All-electric cars are expected to be more environmentally friendly in the future - in 2040 by at least 30% and up to 70% in favorable circumstances.
The conclusion comes from a researcher team from the Paul Scherrer Institut in Switzerland, Leiden University (Netherlands) and PBL Netherlands Environmental Assessment Agency, that performed Life Cycle Assessment (LCA).
The study included new factors like changes in driving patterns due to autonomous/connected vehicles and changes to the electricity sector.
Future electric cars should have 20% lower environmental impacts compared to current ones thanks to better technology, and depending on other factors, the overall improvement will be between 30% to 70%.
Uncertain Environmental Footprint of Current and Future Battery Electric Vehicles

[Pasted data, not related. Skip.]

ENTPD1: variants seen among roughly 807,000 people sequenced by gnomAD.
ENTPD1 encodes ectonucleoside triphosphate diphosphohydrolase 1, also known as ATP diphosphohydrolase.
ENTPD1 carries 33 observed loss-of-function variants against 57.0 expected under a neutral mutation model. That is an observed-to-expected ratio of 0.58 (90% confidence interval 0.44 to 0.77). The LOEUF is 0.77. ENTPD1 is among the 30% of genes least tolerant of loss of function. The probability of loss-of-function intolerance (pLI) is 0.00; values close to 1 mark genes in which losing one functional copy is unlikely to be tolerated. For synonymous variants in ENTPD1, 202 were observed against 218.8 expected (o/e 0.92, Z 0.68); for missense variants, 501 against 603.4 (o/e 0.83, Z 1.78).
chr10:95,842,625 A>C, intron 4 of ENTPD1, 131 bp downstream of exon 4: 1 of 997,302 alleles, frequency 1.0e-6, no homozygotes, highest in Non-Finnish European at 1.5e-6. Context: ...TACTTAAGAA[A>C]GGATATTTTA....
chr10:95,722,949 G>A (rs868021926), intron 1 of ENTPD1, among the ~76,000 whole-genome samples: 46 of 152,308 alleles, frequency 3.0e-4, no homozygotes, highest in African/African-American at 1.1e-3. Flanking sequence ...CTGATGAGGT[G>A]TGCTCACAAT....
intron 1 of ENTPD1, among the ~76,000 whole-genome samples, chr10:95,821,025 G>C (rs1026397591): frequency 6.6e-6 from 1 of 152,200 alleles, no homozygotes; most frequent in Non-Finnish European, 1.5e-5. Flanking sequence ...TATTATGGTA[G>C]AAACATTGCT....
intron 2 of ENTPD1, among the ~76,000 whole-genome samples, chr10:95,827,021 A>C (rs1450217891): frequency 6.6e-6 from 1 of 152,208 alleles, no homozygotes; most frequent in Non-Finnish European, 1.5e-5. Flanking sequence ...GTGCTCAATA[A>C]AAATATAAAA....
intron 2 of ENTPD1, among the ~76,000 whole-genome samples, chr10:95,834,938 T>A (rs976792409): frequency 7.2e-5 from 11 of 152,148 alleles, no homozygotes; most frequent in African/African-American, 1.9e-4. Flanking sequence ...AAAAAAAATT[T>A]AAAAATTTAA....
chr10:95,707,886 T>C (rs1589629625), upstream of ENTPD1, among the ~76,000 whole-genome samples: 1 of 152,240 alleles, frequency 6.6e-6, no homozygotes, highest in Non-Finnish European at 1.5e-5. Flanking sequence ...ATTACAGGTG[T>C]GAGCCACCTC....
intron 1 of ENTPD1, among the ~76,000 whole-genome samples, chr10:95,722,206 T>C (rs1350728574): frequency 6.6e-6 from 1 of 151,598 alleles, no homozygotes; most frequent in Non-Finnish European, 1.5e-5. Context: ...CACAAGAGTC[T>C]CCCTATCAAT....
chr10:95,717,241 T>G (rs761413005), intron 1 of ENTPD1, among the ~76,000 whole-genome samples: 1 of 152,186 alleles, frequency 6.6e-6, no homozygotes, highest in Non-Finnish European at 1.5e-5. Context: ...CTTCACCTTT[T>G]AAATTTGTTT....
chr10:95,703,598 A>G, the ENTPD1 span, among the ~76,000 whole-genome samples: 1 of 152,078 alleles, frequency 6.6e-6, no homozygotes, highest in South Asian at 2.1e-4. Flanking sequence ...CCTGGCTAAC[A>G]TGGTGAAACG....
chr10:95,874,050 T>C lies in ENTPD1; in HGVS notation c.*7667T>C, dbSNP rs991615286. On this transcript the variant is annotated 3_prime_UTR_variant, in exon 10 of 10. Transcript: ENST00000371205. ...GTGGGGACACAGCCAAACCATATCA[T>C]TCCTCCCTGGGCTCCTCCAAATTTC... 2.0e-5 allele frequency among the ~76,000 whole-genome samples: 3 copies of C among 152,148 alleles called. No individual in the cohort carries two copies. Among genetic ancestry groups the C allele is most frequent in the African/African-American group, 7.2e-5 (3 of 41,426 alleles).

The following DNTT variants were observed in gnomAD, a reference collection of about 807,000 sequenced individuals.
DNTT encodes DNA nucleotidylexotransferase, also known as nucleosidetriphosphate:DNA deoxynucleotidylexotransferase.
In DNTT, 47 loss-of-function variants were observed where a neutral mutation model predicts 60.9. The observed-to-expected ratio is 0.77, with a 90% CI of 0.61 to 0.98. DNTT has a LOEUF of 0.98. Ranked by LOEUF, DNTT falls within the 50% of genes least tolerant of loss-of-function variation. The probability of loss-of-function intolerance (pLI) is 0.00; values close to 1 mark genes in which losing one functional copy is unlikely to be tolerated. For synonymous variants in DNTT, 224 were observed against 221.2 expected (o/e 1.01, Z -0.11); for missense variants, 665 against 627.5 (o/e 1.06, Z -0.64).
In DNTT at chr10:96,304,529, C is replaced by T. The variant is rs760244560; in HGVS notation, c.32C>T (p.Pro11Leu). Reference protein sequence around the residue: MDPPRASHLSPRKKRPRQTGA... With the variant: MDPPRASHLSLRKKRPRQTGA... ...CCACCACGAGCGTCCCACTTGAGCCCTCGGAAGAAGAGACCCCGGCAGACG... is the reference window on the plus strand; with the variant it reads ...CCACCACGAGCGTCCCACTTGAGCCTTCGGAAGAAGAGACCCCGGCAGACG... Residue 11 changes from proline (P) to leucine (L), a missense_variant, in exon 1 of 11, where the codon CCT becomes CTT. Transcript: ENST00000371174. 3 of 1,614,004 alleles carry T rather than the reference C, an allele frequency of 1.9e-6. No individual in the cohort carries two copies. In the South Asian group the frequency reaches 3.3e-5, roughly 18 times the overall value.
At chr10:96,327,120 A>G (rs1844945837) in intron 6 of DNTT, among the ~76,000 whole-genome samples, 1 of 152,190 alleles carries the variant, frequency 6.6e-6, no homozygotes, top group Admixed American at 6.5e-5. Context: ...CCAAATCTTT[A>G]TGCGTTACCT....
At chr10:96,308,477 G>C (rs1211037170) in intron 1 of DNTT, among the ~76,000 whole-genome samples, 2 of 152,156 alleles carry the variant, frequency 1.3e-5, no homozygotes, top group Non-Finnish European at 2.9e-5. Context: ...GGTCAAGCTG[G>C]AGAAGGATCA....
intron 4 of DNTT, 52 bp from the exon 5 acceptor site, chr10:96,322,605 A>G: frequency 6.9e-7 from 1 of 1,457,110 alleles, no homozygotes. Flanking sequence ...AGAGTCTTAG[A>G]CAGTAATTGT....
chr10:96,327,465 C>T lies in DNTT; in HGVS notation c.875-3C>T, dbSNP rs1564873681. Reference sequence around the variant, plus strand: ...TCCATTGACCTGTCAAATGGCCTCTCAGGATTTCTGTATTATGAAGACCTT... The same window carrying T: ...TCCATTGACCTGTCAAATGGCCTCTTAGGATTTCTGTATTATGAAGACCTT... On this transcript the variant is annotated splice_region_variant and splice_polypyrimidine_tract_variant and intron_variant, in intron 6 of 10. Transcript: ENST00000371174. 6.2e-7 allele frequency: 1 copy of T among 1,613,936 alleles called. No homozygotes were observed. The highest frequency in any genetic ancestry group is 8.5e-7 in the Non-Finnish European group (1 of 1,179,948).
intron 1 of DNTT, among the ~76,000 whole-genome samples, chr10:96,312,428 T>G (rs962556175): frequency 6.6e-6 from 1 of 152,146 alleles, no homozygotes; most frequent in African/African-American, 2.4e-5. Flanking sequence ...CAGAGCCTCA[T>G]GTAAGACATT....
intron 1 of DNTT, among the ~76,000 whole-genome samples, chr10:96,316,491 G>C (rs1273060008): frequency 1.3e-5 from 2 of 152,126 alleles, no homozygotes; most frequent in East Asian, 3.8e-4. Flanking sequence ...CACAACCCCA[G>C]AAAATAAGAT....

"The future environmental impacts of battery electric vehicles (EVs) are very important given their expected dominance in future transport systems. Previous studies have shown these impacts to be highly uncertain, though a detailed treatment of this uncertainty is still lacking. We help to fill this gap by using Monte Carlo and global sensitivity analysis to quantify parametric uncertainty and also consider two additional factors that have not yet been addressed in the field. First, we include changes to driving patterns due to the introduction of autonomous and connected vehicles. Second, we deeply integrate scenario results from the IMAGE integrated assessment model into our life cycle database to include the impacts of changes to the electricity sector on the environmental burdens of producing and recharging future EVs. Future EVs are expected to have 45–78% lower climate change impacts than current EVs. Electricity used for charging is the largest source of variability in results, though vehicle size, lifetime, driving patterns, and battery size also strongly contribute to variability. We also show that it is imperative to consider changes to the electricity sector when calculating upstream impacts of EVs, as without this, results could be overestimated by up to 75%."